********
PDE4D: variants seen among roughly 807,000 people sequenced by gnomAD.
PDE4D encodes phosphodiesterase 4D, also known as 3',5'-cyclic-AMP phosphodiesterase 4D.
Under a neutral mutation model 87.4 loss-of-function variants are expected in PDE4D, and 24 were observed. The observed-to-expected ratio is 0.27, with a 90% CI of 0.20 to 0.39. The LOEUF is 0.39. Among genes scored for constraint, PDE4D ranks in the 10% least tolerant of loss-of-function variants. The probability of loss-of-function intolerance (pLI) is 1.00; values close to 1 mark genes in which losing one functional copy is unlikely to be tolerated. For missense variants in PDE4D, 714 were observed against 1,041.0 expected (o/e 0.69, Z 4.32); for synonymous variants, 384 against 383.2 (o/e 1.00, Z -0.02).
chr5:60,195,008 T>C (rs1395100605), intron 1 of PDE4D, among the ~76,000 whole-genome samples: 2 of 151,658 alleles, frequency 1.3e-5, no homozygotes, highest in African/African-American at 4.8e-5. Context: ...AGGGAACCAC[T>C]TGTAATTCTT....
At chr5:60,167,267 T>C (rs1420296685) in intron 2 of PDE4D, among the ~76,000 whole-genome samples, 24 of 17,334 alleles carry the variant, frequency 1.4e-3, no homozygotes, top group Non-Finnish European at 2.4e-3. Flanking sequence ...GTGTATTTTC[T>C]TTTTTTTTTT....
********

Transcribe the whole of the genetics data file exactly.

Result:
PDE4D: variants seen among roughly 807,000 people sequenced by gnomAD.
PDE4D encodes phosphodiesterase 4D, also known as 3',5'-cyclic-AMP phosphodiesterase 4D.
Under a neutral mutation model 87.4 loss-of-function variants are expected in PDE4D, and 24 were observed. The observed-to-expected ratio is 0.27, with a 90% CI of 0.20 to 0.39. The LOEUF is 0.39. Among genes scored for constraint, PDE4D ranks in the 10% least tolerant of loss-of-function variants. The probability of loss-of-function intolerance (pLI) is 1.00; values close to 1 mark genes in which losing one functional copy is unlikely to be tolerated. For missense variants in PDE4D, 714 were observed against 1,041.0 expected (o/e 0.69, Z 4.32); for synonymous variants, 384 against 383.2 (o/e 1.00, Z -0.02).
chr5:60,195,008 T>C (rs1395100605), intron 1 of PDE4D, among the ~76,000 whole-genome samples: 2 of 151,658 alleles, frequency 1.3e-5, no homozygotes, highest in African/African-American at 4.8e-5. Context: ...AGGGAACCAC[T>C]TGTAATTCTT....
At chr5:60,167,267 T>C (rs1420296685) in intron 2 of PDE4D, among the ~76,000 whole-genome samples, 24 of 17,334 alleles carry the variant, frequency 1.4e-3, no homozygotes, top group Non-Finnish European at 2.4e-3. Flanking sequence ...GTGTATTTTC[T>C]TTTTTTTTTT....